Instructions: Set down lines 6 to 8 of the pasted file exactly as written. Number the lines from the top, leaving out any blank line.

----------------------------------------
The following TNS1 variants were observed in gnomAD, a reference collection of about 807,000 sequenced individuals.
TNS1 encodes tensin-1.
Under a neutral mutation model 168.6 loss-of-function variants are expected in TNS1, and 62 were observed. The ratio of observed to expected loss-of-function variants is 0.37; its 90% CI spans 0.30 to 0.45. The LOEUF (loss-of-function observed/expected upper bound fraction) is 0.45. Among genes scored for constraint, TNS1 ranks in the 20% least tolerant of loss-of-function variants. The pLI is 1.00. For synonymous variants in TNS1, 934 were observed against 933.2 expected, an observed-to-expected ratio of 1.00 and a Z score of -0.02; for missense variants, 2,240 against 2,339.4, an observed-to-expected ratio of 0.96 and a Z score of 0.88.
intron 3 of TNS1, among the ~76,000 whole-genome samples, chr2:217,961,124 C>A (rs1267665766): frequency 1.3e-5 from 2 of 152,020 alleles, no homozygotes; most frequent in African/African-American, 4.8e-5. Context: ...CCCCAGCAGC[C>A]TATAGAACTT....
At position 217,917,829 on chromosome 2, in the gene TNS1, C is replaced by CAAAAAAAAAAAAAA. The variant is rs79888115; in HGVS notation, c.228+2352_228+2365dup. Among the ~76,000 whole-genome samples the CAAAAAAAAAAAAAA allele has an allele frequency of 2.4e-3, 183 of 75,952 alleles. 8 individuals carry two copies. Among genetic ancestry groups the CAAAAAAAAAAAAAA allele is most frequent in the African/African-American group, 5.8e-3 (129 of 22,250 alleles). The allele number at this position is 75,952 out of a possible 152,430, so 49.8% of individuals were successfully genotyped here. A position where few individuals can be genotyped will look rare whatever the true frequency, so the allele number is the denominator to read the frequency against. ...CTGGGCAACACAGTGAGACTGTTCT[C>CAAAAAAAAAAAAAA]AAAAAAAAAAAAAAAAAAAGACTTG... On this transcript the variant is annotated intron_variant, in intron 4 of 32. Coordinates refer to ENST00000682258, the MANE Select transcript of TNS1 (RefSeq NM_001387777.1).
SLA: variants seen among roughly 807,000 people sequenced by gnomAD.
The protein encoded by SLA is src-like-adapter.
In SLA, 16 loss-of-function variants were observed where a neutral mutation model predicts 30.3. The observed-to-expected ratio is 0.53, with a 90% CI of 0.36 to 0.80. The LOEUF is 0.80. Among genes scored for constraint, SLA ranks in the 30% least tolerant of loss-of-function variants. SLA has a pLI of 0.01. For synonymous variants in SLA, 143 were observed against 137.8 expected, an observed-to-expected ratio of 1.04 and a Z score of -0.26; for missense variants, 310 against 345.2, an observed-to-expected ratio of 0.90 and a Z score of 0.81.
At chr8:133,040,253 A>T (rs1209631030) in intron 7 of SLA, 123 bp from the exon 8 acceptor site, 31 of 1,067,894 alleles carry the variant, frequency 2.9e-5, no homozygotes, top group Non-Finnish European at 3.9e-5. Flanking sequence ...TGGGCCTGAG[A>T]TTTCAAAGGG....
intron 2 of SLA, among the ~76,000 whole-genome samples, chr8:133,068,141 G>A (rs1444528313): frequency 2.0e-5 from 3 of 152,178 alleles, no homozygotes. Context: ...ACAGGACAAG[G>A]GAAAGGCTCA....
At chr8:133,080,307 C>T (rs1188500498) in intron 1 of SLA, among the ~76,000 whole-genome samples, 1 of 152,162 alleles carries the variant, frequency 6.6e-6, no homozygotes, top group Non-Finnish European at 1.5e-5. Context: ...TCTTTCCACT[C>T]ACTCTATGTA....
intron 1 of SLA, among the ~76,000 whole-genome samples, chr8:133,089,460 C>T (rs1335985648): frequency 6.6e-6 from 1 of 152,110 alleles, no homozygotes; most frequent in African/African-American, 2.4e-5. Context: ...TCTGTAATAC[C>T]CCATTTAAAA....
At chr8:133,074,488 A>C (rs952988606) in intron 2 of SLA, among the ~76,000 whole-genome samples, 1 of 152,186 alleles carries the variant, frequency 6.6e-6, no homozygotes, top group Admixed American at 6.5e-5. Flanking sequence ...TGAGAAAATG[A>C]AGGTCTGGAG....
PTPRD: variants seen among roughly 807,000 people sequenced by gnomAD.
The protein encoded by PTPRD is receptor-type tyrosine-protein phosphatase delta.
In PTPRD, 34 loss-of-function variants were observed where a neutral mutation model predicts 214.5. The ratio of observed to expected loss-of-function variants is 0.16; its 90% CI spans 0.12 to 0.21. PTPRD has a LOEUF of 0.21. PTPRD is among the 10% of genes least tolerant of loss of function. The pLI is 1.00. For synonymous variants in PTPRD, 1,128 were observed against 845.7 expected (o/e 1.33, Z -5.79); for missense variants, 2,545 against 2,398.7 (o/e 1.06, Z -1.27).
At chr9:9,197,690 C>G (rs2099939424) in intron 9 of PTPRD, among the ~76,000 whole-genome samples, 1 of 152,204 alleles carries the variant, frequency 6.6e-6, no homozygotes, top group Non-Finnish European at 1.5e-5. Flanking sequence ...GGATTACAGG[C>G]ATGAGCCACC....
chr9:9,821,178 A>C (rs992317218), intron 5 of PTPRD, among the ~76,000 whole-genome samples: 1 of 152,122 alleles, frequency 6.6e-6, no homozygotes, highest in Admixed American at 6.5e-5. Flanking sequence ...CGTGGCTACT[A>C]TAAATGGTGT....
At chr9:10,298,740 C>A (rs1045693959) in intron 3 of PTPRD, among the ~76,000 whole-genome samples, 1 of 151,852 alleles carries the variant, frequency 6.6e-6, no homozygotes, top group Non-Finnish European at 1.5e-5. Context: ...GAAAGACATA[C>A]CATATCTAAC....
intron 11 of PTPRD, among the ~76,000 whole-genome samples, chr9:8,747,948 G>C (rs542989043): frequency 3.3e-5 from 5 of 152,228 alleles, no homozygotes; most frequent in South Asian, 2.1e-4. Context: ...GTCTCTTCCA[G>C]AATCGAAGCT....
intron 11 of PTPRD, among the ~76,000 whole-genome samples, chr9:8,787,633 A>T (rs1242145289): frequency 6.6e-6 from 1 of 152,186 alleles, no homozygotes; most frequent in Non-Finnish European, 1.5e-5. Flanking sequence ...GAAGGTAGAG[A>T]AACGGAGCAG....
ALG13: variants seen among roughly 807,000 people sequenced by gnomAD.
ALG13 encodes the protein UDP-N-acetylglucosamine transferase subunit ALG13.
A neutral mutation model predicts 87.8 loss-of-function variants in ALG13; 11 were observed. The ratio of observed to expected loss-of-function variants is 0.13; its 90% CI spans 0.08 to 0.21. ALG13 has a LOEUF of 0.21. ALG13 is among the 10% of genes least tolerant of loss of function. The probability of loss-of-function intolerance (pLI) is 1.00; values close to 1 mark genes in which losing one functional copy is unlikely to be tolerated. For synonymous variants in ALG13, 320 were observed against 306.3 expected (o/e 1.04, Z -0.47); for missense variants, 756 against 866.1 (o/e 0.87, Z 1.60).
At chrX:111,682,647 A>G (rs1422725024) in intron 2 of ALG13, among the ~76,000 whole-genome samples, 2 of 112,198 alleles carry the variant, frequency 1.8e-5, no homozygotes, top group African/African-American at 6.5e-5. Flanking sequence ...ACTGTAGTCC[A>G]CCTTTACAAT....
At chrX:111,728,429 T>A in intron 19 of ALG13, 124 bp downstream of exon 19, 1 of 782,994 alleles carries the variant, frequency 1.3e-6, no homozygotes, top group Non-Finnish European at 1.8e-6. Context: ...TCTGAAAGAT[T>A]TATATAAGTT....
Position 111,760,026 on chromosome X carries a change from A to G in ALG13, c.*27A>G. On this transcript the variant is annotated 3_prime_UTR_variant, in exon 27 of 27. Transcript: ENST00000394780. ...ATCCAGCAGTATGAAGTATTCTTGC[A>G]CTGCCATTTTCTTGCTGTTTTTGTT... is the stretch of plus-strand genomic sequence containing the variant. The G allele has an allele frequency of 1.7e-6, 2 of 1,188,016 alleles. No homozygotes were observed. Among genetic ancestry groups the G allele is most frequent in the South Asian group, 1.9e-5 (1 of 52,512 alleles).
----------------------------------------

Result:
SLA: variants seen among roughly 807,000 people sequenced by gnomAD.
The protein encoded by SLA is src-like-adapter.
In SLA, 16 loss-of-function variants were observed where a neutral mutation model predicts 30.3. The observed-to-expected ratio is 0.53, with a 90% CI of 0.36 to 0.80. The LOEUF is 0.80. Among genes scored for constraint, SLA ranks in the 30% least tolerant of loss-of-function variants. SLA has a pLI of 0.01. For synonymous variants in SLA, 143 were observed against 137.8 expected, an observed-to-expected ratio of 1.04 and a Z score of -0.26; for missense variants, 310 against 345.2, an observed-to-expected ratio of 0.90 and a Z score of 0.81.